You read that right - amongst our look at all things crowdfunded this week are some actual engineers who actually want to construct piloted robots for the purpose of fighting each other. What a week, what a week.
Header Image from MegaBots
'Claim Territory on a map' isn't exactly a new thing for board games, but this beautifully designed board game sees you building the board itself as you play, charting the map:
Cartography builds on the ancient territory claiming game "Go" by adding a map-making mechanic. The map is made up of interlocking triangular tiles, with walls that divide the map, allowing territory to be defended or captured. Players create and claim territory, and capture opponents, in an effort to control the map. The map changes as you play so you must keep your wits about you. Strategy is key and chance doesn't determine the winner. Cartography is easy to learn and challenging to master!
$35 nets you the base game, but a $65 pledge gets you a set that's twice as large, bumping it up to four player mapmaking goodness.
This sci-fi webseries sets itself in a post apocalyptic Manhattan, a decade after ecological catastrophe has laid humanity low. Also, one of the leads is the revived head of Orson Wells. That's the sort of idea you can get behind.
In a world without drinking water, robots patrol what remains of Manhattan for the sole purpose of convincing rich people to remain in the ravaged metropolis. The East River is now the East River Gulch, a poisonous dried up ravine dotted with ramshackle shanty towns for the poor, dying, and exiled. 'Everything's O.K.' is a dark comedy, environmental sci-fi web series chronicling the adventures of Orson Welles' revived head in New York City ten years after fracking has triggered an ecocatastrophe.
This Kickstarter will fund a complete eight episode first season of this show. The episodes are already written and cast, all that's left is to film, edit, and composite. What's unique about this show is the combination of live actors and miniature papercraft backgrounds, like a twisted reverse of "Who Framed Roger Rabbit."
The series itself will run online for free after release - $10 nets you access to behind the scenes progress updates, while the $50 pledge tier gets you the season before it releases as a HD Download, as well as a T-Shirt and a digital art pack.
This cool looking comic sees a group of young teenagers formerly united as a supernatural think-tank coming together again to face a new threat from doomsday cultists:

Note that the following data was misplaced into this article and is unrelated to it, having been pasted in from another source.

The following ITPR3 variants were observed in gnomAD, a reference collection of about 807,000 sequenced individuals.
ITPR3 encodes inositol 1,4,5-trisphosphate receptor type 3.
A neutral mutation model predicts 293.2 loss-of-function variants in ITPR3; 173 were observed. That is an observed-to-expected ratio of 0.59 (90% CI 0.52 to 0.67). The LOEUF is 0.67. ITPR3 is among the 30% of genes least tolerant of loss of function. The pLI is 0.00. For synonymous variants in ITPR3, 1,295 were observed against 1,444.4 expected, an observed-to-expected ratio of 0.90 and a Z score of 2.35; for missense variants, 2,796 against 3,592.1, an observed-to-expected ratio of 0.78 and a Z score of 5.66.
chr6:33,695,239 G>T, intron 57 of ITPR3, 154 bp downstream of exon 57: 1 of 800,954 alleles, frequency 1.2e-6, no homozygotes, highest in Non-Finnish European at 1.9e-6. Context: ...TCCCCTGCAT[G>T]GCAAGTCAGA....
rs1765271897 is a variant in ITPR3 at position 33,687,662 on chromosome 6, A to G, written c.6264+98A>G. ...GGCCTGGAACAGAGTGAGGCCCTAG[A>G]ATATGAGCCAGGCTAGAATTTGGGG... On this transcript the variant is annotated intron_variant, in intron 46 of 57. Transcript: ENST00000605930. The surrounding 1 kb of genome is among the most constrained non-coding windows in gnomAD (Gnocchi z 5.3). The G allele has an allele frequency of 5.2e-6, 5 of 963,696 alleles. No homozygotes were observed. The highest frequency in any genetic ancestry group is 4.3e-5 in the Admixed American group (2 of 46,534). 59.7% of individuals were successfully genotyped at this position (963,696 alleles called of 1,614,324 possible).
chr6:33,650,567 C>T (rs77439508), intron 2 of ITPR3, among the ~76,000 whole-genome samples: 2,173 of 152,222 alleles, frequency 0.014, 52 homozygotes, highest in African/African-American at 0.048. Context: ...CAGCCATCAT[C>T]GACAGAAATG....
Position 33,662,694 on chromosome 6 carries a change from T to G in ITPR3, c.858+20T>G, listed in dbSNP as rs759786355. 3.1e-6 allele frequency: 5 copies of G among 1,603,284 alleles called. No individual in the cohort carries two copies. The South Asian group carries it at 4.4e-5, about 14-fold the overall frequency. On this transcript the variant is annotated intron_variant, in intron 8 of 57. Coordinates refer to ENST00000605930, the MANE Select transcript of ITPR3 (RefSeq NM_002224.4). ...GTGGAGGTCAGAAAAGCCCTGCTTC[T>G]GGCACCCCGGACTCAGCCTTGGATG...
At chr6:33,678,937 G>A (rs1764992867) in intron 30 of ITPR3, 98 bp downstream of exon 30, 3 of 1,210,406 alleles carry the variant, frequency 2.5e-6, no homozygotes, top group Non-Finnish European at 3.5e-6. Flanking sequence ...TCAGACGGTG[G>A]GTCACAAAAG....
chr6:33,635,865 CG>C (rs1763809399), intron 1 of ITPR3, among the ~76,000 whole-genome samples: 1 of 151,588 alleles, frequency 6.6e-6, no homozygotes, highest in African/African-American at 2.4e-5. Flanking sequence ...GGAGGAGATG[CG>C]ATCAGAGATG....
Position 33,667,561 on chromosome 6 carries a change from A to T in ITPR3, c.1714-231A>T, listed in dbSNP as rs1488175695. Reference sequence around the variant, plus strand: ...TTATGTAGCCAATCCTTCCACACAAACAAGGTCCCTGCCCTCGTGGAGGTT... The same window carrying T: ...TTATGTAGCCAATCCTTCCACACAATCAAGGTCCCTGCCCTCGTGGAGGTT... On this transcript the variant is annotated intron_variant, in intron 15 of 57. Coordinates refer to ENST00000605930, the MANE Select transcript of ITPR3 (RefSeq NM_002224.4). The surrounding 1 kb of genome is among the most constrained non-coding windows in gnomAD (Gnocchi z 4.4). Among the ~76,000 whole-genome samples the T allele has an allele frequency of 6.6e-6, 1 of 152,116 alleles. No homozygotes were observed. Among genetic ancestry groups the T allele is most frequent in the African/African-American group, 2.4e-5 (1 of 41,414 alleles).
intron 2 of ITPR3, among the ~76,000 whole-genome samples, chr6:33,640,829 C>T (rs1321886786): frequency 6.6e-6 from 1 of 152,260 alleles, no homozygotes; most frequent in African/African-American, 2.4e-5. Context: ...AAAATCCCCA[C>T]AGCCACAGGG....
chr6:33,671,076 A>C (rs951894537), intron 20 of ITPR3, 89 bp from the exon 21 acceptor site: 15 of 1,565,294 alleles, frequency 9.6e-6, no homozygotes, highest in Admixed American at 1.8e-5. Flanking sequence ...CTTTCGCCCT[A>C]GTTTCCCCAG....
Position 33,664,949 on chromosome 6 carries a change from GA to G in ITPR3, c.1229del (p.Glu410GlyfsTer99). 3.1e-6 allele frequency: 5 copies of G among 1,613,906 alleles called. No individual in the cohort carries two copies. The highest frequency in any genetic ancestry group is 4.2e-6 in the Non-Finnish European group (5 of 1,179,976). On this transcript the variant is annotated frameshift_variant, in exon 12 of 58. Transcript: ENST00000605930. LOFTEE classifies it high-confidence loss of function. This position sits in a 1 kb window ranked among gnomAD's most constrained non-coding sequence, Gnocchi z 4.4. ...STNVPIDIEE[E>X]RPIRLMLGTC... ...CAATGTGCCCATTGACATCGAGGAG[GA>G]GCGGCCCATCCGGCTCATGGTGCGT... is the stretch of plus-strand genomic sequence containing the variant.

A group of child prodigies are brought together as part of a government think-tank codenamed "Dark Patterns" to investigate and debunk supernatural occurrences.
After gaining notoriety for solving a kidnapping, the group is hired as a last-chance effort to help find a billionaire's kidnapped granddaughter, thought to be abducted by a doomsday cult calling themselves The Parting. During the investigation, things go terribly wrong, causing the Dark Patterns project to disband, and an investigation concluding the kidnapping was a hoax.
On the fifth anniversary of the case, the group is brought back together for a live TV special, and find themselves the targets of a very real threat...
"Dark Patterns Volume I" from Joey Groah and Meredith Moriarty is 44 full-color pages of an original supernatural action comic about second chances and letting go, with a second volume to follow.
A mere $6 pledge gets you the PDF of the first volume, while $13 gets you a physical book as well as some digital bonuses.
I promised giant mechs, here are your giant mechs!
This insane looking Kickstarter is looking for 1.8 million dollars to make two giant robots - piloted by two humans - before they're pitched against each other in a live deathmatch (don't worry, they fire paintballs at each instead of actual bullets, so it's slightly less ludicrous than you'd think):
We grew up watching movies and playing games portraying a future filled with giant robots and mechs. Now the world is full of advanced robotic technology, but few of us get to see it in our everyday lives. It's tucked away in research labs, worked on at high-tech companies, or sent into space. We get to see short YouTube videos and read articles about it, but for the most part, the coolest stuff is off-limits to the public. MegaBots, Inc., uses cutting-edge robotics technology to create the giant piloted fighting robots we were promised during our childhoods!
There's plenty of funding tiers involved - $10 gets you a code to the livestream of MegaBot's robo-tournament, $5,000 lets you pilot one of the Mechs in the tournament itself, and $999,999 gets the MegaBot team to build you a function Mech of your own, because of course it does.
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